Insulin-degrading enzyme (IDE) plays a role in breaking down Aβ outside of neurons, report Dennis Selkoe, Konstantinos Vekrellis, and their colleagues at Harvard in the March 1 issue of the Journal of Neuroscience. The finding highlights growing interest in biological mechanisms that remove Aβ deposits, a topic that had once been overlooked because aggregated Aβ is virtually impervious to breaking down in the test tube. But growing evidence indicates the existence of processes that degrade Aβ deposits and the notion that these processes may also play an important role in pathogenesis and may offer good targets for drug therapy.

Selkoe's group followed up on their previous work, which had shown that cultured microglia use IDE as their main Aβ-degrading enzyme, byfinding that the same is true for cultured pheochromocytoma (PC12) cells and primary rat cortical neurons. The difference for neurons, they report, is that the IDE was localized to the cell surface of neurons, rather than released into the extracellular space. Overexpression of IDE markedly reduced extracellular levels of Aβ40 and Aβ42, and inactivation of IDE at its catalytic site eliminated this Aβ reduction. The researchers also found that the membrane-bound IDE appears to be a novel form slightly different in structure from the usual dissolved form.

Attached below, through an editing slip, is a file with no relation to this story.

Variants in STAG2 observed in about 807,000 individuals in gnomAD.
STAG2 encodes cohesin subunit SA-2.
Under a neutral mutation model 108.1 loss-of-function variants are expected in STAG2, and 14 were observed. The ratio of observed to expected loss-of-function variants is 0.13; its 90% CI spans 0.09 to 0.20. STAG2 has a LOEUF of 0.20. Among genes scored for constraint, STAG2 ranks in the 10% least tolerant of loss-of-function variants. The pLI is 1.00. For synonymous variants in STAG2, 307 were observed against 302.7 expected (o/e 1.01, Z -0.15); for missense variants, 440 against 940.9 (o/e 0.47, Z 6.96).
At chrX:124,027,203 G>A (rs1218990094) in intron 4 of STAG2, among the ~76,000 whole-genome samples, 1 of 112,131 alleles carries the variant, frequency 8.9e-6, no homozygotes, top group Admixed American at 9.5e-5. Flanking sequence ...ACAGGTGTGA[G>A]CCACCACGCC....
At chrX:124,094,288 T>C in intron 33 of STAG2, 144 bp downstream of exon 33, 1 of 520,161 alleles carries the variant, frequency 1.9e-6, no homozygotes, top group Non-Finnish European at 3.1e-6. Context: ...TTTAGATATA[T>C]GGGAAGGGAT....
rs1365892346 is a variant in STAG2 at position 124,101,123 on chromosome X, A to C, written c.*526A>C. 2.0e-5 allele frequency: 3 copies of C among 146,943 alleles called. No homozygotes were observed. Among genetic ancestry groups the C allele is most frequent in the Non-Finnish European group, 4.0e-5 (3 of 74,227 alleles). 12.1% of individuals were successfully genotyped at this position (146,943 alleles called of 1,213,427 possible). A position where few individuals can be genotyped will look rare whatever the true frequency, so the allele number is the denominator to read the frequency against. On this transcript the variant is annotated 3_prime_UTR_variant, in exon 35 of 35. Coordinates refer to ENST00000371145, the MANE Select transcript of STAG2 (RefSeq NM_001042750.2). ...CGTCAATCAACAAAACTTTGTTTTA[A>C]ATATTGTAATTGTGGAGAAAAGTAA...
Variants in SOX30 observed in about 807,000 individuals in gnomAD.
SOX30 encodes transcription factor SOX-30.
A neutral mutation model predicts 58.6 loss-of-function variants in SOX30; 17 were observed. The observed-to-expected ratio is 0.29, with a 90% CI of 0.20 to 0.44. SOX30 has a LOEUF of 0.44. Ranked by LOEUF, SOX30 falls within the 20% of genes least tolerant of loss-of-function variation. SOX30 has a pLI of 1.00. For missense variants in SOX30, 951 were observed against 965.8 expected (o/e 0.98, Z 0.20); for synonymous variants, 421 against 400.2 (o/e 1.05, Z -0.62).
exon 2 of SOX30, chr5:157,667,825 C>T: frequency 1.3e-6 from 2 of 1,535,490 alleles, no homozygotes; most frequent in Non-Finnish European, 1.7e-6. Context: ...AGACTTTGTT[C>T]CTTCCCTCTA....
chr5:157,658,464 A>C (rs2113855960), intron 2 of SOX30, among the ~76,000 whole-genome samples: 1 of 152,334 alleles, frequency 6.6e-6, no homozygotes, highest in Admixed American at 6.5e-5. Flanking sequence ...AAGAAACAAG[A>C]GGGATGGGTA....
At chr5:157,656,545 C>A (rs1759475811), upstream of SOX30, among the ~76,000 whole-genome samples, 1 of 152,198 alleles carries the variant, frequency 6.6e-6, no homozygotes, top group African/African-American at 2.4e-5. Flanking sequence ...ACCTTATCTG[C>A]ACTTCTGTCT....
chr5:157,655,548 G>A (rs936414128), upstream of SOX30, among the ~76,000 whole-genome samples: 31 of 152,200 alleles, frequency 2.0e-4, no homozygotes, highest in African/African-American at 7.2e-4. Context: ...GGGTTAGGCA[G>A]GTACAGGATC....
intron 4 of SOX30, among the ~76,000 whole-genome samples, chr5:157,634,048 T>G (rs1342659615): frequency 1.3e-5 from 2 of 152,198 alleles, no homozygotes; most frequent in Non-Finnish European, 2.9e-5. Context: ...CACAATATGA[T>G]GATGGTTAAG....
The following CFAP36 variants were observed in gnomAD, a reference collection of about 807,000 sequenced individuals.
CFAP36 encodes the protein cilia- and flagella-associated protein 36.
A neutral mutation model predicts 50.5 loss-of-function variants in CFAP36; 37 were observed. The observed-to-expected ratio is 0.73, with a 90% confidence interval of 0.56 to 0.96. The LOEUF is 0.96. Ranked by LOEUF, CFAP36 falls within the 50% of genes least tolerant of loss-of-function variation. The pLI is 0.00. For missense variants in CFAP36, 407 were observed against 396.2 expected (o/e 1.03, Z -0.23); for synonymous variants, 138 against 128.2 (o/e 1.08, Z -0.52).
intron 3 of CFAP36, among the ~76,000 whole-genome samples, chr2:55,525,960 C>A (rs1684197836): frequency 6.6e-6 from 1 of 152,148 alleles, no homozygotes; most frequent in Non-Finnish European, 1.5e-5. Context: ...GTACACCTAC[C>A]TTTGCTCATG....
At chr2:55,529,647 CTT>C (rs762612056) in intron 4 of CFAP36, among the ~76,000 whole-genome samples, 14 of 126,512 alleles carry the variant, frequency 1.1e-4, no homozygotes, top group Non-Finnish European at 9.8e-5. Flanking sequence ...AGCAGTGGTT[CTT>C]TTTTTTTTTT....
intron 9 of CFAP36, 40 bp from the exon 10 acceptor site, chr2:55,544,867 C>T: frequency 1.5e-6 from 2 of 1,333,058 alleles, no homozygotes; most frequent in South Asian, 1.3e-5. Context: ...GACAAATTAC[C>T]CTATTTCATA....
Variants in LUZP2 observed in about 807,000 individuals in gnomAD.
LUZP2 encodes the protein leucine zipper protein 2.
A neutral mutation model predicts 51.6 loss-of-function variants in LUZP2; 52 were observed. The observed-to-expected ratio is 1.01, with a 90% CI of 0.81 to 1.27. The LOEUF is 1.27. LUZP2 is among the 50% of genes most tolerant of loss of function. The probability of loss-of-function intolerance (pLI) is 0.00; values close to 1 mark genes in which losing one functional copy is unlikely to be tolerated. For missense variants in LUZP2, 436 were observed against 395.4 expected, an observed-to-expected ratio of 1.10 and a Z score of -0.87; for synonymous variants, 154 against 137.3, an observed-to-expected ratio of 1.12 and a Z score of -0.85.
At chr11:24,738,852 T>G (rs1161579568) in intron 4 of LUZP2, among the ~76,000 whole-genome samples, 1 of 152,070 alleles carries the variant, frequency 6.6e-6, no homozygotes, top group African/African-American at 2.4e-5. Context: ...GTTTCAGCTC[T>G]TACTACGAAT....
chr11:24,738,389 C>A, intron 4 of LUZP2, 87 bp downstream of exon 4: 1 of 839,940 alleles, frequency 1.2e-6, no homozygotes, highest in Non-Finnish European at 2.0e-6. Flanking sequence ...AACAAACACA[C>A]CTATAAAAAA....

Although these data suggest experiments to look for IDE gene changes in Alzheimer's populations and might open up a new route to therapy, Selkoe doesn't think that the results bear on the question of a link between Alzheimer's and diabetes. "It's simply too early to tell whether our fingering IDE as an Aβ-degrading protease in the nervous system means that patients with high circulating levels of insulin (e.g., insulin-resistant diabetics or diabetics treated with insulin) would have more of their IDE activity taken up by the insulin and therefore accumulate more Aβ in their brains," Selkoe told the Alzheimer Research Forum.—Hakon Heimer


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Primary Papers

  1. . Neurons regulate extracellular levels of amyloid beta-protein via proteolysis by insulin-degrading enzyme. J Neurosci. 2000 Mar 1;20(5):1657-65. PubMed.